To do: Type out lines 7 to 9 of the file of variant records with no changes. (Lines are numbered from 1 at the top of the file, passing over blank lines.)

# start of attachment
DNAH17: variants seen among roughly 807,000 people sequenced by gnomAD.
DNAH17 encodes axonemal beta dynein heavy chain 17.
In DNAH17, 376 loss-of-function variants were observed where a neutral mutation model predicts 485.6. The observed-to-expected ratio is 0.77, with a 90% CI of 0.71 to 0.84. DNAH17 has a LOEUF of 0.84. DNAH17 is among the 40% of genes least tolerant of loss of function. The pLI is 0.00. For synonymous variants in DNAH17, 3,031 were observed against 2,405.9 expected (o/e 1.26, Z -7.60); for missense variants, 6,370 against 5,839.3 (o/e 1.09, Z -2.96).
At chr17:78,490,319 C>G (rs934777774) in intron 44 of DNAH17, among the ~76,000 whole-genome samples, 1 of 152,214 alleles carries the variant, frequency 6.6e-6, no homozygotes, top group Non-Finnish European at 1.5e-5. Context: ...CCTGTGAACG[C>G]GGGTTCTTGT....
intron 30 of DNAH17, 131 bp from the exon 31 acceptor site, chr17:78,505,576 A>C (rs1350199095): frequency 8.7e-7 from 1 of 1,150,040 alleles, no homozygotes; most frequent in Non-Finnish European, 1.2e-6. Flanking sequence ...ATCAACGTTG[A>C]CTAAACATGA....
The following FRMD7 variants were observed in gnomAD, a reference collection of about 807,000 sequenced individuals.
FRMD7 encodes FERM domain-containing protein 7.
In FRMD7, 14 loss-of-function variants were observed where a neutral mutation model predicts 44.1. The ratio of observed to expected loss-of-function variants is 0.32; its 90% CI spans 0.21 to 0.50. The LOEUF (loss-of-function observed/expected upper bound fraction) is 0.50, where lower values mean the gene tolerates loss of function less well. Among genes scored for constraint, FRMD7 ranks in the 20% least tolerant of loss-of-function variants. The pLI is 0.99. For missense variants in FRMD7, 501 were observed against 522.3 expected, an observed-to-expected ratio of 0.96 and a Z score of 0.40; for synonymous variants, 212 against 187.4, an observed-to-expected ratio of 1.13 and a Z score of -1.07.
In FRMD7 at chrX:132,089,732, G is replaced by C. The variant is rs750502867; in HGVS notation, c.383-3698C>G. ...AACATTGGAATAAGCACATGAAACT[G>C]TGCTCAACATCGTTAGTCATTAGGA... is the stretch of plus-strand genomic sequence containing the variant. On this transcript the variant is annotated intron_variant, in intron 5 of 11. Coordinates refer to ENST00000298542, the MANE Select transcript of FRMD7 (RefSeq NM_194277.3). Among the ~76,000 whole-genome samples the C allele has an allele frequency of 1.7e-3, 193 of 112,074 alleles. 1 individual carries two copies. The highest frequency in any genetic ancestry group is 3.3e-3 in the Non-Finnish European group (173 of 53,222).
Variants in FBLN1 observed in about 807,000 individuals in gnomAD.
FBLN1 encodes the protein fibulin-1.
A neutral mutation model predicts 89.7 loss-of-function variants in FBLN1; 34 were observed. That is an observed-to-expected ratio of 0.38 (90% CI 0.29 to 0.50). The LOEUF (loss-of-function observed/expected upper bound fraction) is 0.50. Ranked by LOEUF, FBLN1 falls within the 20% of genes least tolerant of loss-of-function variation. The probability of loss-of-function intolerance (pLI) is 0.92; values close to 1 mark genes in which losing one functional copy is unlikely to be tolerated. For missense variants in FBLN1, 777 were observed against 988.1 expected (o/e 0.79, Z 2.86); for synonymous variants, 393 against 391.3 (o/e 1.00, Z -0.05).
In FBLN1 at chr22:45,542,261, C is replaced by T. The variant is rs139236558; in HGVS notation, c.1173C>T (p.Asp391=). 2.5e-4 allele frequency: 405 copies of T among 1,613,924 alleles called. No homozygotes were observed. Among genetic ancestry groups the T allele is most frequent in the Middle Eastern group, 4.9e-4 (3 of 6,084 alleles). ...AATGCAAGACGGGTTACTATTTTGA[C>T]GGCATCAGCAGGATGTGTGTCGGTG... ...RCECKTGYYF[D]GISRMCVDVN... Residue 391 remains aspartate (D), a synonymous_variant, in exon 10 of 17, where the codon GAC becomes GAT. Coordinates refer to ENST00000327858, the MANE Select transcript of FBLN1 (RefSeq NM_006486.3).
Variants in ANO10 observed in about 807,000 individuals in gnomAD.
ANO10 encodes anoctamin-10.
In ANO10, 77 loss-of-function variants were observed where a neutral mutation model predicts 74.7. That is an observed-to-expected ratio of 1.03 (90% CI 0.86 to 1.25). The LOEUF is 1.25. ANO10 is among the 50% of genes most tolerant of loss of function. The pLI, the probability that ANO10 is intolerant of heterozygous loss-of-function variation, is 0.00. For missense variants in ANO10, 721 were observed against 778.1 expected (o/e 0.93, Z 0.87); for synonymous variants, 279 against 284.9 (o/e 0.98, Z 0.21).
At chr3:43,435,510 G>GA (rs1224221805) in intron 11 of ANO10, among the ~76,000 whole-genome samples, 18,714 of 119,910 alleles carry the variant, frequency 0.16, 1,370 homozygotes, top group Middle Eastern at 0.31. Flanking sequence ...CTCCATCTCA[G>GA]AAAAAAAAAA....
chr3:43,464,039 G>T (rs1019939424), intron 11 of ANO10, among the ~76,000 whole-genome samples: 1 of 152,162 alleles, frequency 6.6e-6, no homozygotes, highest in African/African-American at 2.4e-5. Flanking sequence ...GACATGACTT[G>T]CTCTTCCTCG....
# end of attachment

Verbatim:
FRMD7 encodes FERM domain-containing protein 7.
In FRMD7, 14 loss-of-function variants were observed where a neutral mutation model predicts 44.1. The ratio of observed to expected loss-of-function variants is 0.32; its 90% CI spans 0.21 to 0.50. The LOEUF (loss-of-function observed/expected upper bound fraction) is 0.50, where lower values mean the gene tolerates loss of function less well. Among genes scored for constraint, FRMD7 ranks in the 20% least tolerant of loss-of-function variants. The pLI is 0.99. For missense variants in FRMD7, 501 were observed against 522.3 expected, an observed-to-expected ratio of 0.96 and a Z score of 0.40; for synonymous variants, 212 against 187.4, an observed-to-expected ratio of 1.13 and a Z score of -1.07.
In FRMD7 at chrX:132,089,732, G is replaced by C. The variant is rs750502867; in HGVS notation, c.383-3698C>G. ...AACATTGGAATAAGCACATGAAACT[G>C]TGCTCAACATCGTTAGTCATTAGGA... is the stretch of plus-strand genomic sequence containing the variant. On this transcript the variant is annotated intron_variant, in intron 5 of 11. Coordinates refer to ENST00000298542, the MANE Select transcript of FRMD7 (RefSeq NM_194277.3). Among the ~76,000 whole-genome samples the C allele has an allele frequency of 1.7e-3, 193 of 112,074 alleles. 1 individual carries two copies. The highest frequency in any genetic ancestry group is 3.3e-3 in the Non-Finnish European group (173 of 53,222).